U.S. livestock: CME live cattle futures hit record high; hogs slide

Chicago / Reuters – Chicago Mercantile Exchange live cattle reached a record high on Thursday, helped by futures’ discounts to last week’s cash cattle prices and short-covering after recent market losses, traders said.

October, which will expire on Friday, closed up 1.500 cents per lb at 170.500 cents, and December was at 167.325 cents 0.575 cent higher.

CME live cattle buying accelerated after contracts surpassed Wednesdays highs, which touched off buy stops.

In a strategy known as bull spreads, traders bought the December contract and simultaneously sold February in anticipation of tight supplies this winter.

On Thursday, market participants waited for this week’s prices for market-ready, or cash, cattle that last week fetched a record-high $170 per hundredweight.

Cash cattle bids in the U.S. Plains surfaced at $165 to $167 per cwt against up to $172 asking prices, feedlot sources said.

Market bears expect packers to curtail slaughters and bridle cash spending to recover lost margins and boost wholesale beef prices.

Thursday morning’s choice wholesale beef price dipped 2 cents per cwt from Wednesday to $253.61. Select slipped 3 cents to $239.74, the U.S. Department of Agriculture said.

Bullish participants contend packers are short-bought cattle as retailers prepare to feature rib-eye steaks and roasts in November.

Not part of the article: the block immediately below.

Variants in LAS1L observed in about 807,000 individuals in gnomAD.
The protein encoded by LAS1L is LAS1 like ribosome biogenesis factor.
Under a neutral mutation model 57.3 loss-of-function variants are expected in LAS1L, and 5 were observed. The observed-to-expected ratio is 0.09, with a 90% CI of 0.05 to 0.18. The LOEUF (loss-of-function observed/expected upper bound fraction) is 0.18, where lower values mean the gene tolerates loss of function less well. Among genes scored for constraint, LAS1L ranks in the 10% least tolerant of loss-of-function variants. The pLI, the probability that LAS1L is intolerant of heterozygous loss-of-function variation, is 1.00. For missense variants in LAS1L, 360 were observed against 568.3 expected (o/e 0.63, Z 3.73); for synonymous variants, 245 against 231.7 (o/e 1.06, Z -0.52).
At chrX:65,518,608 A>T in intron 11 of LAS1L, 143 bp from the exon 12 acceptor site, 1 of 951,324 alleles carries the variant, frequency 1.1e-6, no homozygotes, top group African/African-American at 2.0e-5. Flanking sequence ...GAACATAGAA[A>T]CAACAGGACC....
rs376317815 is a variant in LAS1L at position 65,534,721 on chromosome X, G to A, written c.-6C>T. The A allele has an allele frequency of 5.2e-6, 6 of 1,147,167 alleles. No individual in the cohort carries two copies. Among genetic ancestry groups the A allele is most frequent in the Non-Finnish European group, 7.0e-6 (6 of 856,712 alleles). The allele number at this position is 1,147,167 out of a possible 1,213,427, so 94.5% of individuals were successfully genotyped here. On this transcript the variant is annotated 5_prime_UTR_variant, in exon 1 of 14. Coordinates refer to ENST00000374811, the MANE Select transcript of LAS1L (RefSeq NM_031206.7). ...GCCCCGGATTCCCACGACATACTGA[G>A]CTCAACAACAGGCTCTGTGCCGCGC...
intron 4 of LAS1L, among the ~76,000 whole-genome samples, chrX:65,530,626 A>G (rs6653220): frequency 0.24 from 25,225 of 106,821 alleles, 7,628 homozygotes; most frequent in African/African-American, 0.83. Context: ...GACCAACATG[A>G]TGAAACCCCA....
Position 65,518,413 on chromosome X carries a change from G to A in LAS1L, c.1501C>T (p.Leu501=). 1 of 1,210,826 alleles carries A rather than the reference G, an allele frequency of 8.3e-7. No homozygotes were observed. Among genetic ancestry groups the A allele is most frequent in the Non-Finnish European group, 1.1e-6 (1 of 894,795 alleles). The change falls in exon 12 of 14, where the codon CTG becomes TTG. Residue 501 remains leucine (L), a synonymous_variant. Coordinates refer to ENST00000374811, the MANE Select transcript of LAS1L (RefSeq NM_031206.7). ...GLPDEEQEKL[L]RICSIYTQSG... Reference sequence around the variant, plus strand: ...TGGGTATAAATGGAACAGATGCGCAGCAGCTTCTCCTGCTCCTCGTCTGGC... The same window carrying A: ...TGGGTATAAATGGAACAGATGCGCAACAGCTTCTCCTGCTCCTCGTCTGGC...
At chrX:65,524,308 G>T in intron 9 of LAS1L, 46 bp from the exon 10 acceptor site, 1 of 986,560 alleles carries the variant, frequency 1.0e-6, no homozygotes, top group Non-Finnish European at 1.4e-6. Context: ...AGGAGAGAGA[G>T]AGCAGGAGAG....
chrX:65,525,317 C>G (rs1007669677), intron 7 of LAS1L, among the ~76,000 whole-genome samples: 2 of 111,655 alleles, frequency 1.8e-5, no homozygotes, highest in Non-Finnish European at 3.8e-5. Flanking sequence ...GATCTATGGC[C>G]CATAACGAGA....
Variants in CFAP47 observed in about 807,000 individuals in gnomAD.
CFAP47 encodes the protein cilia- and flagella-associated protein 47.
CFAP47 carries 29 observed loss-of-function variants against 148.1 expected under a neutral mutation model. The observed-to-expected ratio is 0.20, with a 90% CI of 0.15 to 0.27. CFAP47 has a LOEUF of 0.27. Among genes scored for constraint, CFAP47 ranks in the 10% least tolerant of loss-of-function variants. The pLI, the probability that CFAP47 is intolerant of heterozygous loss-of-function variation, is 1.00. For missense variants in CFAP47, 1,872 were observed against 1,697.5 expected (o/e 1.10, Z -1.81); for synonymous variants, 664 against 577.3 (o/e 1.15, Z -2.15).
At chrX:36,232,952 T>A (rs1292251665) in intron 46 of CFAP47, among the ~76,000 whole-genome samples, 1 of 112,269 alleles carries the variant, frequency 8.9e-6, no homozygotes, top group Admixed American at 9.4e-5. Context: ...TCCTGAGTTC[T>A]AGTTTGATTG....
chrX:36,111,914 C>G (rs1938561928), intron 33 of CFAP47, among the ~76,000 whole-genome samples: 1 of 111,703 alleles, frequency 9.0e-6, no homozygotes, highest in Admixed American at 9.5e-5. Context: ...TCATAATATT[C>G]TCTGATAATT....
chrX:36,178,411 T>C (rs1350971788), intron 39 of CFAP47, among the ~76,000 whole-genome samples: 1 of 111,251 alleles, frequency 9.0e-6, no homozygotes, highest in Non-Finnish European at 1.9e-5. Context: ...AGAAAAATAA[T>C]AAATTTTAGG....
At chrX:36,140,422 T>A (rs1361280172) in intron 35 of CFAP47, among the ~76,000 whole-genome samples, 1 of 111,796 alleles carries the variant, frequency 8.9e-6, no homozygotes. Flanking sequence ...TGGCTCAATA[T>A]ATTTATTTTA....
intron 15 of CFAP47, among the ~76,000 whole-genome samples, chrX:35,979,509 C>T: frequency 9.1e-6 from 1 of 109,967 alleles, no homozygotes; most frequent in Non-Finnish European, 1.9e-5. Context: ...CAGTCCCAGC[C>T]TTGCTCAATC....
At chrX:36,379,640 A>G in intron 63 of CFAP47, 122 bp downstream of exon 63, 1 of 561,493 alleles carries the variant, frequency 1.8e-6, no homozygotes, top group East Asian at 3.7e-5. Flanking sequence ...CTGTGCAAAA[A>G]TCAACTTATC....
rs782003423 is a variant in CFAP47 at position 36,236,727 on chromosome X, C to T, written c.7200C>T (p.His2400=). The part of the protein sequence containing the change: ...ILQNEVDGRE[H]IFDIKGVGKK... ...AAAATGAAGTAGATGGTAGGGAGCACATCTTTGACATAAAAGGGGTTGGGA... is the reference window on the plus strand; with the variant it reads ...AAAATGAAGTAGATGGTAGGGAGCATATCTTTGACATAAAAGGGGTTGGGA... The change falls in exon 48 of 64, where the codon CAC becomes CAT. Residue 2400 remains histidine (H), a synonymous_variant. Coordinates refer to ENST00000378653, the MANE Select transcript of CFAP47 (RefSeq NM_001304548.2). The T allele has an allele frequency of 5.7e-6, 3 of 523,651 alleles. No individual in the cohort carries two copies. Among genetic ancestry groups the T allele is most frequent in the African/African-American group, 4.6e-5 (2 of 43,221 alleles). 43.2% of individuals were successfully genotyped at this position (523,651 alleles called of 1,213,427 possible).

CME feeder cattle drew support from live cattle market advances and futures’ discounts to the exchange’s feeder cattle index for Oct. 29 at 239.30 cents. October, which expired at noon CDT (1700 GMT), closed up 0.900 cent per lb at 239.750 cents per lb. November feeder cattle, the new lead month, ended 1.175 cents higher at 234.225 cents.

Hogs drift lower

CME lean hogs closed lower on persistent cash price pressure and the morning’s wholesale pork price downturn, traders said.

December ended 1.400 cents per lb lower at 87.200 cents, and February was 1.100 cents lower at 86.950 cents.

Thursday morning’s average hog price in the western Midwest dropped $1.54 per cwt from Wednesday in light volume to $84.58, USDA said.

Separate USDA data showed the morning’s wholesale pork price was down $1.45 per cwt from Wednesday to $97.90, weighed on by the $7.13 drop in loin values.

Cool fall temperatures and cheaper corn are causing hogs to reach market weight quicker. And, farmers are moving hogs to packing plants ahead of time to avoid lower prices.

Pork end-users are no doubt aware that hog numbers have caught up to last year’s levels and weights are running about 7 lbs heavier than the same period a year ago, said livestock futures trader Dan Norcini.

Short-covering and investors searching for a market bottom might lend support to hog futures on Friday, the last trading day for the month of October, another trader said.

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